A physician member of the U.S. House is hopeful that his proposal to protect radiologists and other physicians from a Medicare pay cut will soon get a hearing.
Rep. Greg Murphy, MD, R-N.C., first introduced the Preserving Seniors' Access to Physicians Act in December. The bipartisan bill would counteract a nearly 3.4% cut to the Medicare conversion factor that took effect Jan. 1, zeroing out any decrease but not increasing physician pay. In a recent interview, the practicing surgeon said he hopes the House will take up the legislation soon.
“We're working through the machinations of trying to get this on the suspension calendar for next week, which means two-thirds of the House has to agree with it. It is my belief that this will happen,” he told MedPage Today on Jan. 12.
Other potential legislative remedies are also floating around Congress, the report noted. Those include a bill in the House Energy & Commerce Committee that would add a 1.25% increase, which is still “effectively a cut of almost 2%,” Murphy said. He’s pushing back against such proposals in favor of a full Medicare payment adjustment.
“My thought is, why are we cutting doctors’ [pay] at all? There's no other profession in this entire nation that expects to be cut every year,” he told the website. “And so as far as I'm concerned, those [other] bills, while they're nice, they don't go nearly far enough in just keeping those who actually take care of patients whole.”
Imaging advocates praised news of the Preserving Seniors' Access to Physicians Act potentially moving forward. Industry watchers have discussed the possibility of any legislative change applying retroactively to all claims submitted in 2024, which could complicate matters for the field.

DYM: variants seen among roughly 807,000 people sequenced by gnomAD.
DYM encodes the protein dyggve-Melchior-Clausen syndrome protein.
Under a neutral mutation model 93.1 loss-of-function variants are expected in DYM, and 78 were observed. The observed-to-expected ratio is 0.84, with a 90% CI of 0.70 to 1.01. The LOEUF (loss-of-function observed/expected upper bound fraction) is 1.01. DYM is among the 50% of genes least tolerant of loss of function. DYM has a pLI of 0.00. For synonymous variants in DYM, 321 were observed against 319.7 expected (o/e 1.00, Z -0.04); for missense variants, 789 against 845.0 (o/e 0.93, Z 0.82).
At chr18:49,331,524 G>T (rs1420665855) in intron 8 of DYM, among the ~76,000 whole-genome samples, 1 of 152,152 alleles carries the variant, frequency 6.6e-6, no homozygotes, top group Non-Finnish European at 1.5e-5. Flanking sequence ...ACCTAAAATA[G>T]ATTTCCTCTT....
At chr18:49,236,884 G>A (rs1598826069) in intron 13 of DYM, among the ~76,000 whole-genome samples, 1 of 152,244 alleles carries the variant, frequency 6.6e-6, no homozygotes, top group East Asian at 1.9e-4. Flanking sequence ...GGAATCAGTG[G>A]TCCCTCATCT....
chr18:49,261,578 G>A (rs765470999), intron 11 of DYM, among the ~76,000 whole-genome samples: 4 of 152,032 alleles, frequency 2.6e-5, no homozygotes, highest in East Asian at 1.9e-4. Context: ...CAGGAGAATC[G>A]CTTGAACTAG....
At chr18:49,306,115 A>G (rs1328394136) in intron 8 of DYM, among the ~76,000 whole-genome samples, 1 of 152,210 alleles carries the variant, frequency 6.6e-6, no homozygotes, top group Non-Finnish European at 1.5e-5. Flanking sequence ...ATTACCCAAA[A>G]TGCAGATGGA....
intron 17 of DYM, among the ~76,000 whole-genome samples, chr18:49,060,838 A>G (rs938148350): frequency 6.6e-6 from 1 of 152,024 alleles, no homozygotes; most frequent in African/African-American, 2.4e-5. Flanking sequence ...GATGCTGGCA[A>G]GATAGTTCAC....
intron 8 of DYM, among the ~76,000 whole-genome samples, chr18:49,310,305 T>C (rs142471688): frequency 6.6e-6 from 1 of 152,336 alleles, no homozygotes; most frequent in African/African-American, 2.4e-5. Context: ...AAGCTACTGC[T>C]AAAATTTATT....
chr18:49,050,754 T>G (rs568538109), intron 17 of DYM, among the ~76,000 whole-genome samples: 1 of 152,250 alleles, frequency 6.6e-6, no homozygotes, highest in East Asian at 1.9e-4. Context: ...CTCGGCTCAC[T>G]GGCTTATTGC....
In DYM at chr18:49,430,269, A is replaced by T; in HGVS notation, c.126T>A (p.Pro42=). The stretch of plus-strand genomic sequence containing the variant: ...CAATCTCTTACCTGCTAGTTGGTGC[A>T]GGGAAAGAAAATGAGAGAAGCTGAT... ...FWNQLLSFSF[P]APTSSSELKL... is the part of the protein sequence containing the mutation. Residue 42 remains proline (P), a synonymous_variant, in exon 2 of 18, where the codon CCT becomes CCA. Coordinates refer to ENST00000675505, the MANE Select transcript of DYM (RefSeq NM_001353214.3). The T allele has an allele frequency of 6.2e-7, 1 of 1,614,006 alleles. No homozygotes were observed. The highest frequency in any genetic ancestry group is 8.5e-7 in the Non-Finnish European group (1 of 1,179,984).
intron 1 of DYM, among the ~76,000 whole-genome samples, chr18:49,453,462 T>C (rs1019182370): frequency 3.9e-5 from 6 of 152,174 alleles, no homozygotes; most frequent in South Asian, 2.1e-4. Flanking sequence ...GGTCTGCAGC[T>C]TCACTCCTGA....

“Time to address these substantial cuts is of the essence, as holding claims or reprocessing has a very real financial cost to providers of all sizes across the country,” Radiology Business Management Association President Christopher "Kit" Crancer said by email. “If policymakers are concerned about consolidation and maintaining patient access to care, then advancing this legislation providing predictability and sustainability should be an immediate priority.”
Meanwhile, imaging groups such as the American Society of Nuclear Cardiology have issued recent “calls to action,” asking physicians to contact their members of Congress. ASNC noted that lawmakers are facing a Jan. 19 deadline to pass a spending bill and avoid a partial government shutdown. If they fail to promptly cancel the pay cut, Medicare physician fees will be reduced by 3.4% for the remainder of 2024.
“ASNC is urging all U.S. members to contact Congress. No matter where you deliver care, ask your lawmakers to include H.R. 6683 in a fiscal year 2024 spending package,” the society said Jan. 12. “The important thing is for Congress to hear from many individual physicians and practices from all across the U.S. now,” it added later.